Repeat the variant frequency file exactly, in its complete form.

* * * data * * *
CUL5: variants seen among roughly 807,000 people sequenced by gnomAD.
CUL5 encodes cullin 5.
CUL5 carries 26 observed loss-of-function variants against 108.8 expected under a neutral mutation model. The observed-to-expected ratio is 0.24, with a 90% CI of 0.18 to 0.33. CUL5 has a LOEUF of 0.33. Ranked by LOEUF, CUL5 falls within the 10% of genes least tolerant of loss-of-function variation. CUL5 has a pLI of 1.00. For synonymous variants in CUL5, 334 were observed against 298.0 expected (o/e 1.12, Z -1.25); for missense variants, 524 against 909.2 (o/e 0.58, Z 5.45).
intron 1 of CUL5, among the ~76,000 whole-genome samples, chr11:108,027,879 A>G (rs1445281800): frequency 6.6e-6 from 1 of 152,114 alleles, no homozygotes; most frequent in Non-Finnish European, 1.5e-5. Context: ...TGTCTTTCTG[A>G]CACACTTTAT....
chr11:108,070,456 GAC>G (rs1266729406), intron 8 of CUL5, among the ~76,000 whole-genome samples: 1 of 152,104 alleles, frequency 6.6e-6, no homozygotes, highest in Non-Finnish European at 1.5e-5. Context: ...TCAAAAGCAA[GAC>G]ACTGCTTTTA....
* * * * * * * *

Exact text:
CUL5: variants seen among roughly 807,000 people sequenced by gnomAD.
CUL5 encodes cullin 5.
CUL5 carries 26 observed loss-of-function variants against 108.8 expected under a neutral mutation model. The observed-to-expected ratio is 0.24, with a 90% CI of 0.18 to 0.33. CUL5 has a LOEUF of 0.33. Ranked by LOEUF, CUL5 falls within the 10% of genes least tolerant of loss-of-function variation. CUL5 has a pLI of 1.00. For synonymous variants in CUL5, 334 were observed against 298.0 expected (o/e 1.12, Z -1.25); for missense variants, 524 against 909.2 (o/e 0.58, Z 5.45).
intron 1 of CUL5, among the ~76,000 whole-genome samples, chr11:108,027,879 A>G (rs1445281800): frequency 6.6e-6 from 1 of 152,114 alleles, no homozygotes; most frequent in Non-Finnish European, 1.5e-5. Context: ...TGTCTTTCTG[A>G]CACACTTTAT....
chr11:108,070,456 GAC>G (rs1266729406), intron 8 of CUL5, among the ~76,000 whole-genome samples: 1 of 152,104 alleles, frequency 6.6e-6, no homozygotes, highest in Non-Finnish European at 1.5e-5. Context: ...TCAAAAGCAA[GAC>G]ACTGCTTTTA....